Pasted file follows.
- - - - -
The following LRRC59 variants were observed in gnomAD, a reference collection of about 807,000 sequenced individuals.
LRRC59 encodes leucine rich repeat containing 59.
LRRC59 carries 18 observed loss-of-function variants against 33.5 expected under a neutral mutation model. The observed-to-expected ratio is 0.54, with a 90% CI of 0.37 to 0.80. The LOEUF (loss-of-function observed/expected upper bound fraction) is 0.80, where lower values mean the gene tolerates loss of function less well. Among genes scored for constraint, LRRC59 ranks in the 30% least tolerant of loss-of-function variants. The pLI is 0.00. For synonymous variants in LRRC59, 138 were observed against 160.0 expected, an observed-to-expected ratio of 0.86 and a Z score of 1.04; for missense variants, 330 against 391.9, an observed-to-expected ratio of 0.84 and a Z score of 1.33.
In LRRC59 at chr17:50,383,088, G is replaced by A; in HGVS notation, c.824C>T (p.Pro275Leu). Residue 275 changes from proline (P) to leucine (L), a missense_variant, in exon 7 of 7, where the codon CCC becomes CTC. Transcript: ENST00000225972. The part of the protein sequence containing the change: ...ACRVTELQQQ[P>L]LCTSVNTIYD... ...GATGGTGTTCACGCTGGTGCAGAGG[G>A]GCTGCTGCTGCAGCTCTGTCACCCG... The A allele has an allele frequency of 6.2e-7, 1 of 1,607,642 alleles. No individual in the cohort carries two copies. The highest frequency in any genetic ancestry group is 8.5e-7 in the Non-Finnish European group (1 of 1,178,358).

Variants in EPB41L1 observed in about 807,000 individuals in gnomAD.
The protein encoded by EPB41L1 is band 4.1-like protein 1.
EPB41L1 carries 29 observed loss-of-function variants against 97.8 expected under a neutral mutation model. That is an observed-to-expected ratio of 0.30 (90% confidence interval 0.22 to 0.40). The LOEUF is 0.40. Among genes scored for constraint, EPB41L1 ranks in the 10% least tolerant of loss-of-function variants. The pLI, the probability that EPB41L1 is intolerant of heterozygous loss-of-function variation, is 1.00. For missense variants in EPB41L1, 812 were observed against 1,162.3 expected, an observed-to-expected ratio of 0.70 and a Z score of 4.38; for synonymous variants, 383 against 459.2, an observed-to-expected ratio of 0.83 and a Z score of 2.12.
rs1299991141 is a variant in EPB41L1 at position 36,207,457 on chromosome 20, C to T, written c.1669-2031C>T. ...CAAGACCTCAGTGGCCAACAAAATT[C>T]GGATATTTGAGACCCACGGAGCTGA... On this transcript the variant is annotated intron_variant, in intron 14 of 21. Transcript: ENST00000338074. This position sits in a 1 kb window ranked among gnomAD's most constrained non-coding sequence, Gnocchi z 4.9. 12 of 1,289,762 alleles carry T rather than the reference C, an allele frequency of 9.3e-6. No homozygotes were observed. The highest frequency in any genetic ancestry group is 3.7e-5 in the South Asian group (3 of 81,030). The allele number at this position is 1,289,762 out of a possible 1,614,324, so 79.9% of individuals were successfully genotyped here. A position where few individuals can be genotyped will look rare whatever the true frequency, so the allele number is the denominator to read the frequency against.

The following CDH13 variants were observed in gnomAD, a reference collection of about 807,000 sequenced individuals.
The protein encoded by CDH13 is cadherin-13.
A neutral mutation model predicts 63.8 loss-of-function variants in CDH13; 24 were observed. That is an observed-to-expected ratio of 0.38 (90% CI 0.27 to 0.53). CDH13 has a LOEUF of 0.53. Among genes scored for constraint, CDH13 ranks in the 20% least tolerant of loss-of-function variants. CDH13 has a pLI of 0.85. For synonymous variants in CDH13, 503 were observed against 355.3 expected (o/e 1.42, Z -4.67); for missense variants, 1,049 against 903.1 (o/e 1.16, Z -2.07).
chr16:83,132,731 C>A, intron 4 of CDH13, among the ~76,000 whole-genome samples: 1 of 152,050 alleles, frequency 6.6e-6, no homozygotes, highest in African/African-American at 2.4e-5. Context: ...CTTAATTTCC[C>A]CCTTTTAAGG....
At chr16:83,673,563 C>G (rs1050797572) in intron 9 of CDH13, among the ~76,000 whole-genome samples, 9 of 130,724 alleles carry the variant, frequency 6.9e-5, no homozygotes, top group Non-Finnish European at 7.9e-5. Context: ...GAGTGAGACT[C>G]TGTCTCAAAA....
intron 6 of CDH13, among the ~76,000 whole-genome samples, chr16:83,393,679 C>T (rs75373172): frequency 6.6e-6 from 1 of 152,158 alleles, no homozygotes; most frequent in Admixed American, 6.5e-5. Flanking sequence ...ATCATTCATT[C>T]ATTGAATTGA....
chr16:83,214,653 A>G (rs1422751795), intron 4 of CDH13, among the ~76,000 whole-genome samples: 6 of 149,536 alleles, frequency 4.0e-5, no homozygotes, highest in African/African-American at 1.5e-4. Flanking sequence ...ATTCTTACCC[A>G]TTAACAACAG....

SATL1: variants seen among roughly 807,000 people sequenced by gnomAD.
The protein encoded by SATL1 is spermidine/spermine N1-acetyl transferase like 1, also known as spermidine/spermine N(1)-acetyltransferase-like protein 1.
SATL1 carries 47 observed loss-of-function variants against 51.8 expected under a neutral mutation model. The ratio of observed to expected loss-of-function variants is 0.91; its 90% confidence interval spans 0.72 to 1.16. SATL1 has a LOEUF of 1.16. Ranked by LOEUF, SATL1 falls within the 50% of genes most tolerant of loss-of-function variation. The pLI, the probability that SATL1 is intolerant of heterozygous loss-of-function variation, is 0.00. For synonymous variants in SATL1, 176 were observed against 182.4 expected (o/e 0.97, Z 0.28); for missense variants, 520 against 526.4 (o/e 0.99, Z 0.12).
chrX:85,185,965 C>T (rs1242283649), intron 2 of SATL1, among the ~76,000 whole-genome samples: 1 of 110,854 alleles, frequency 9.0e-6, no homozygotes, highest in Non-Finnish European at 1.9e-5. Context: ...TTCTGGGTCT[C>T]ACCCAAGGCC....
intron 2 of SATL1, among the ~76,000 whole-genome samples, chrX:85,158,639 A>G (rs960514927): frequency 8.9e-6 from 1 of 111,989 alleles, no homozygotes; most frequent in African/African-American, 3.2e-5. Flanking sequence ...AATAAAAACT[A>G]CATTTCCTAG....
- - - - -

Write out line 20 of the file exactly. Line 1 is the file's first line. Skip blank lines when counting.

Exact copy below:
intron 2 of SATL1, among the ~76,000 whole-genome samples, chrX:85,158,639 A>G (rs960514927): frequency 8.9e-6 from 1 of 111,989 alleles, no homozygotes; most frequent in African/African-American, 3.2e-5. Flanking sequence ...AATAAAAACT[A>G]CATTTCCTAG....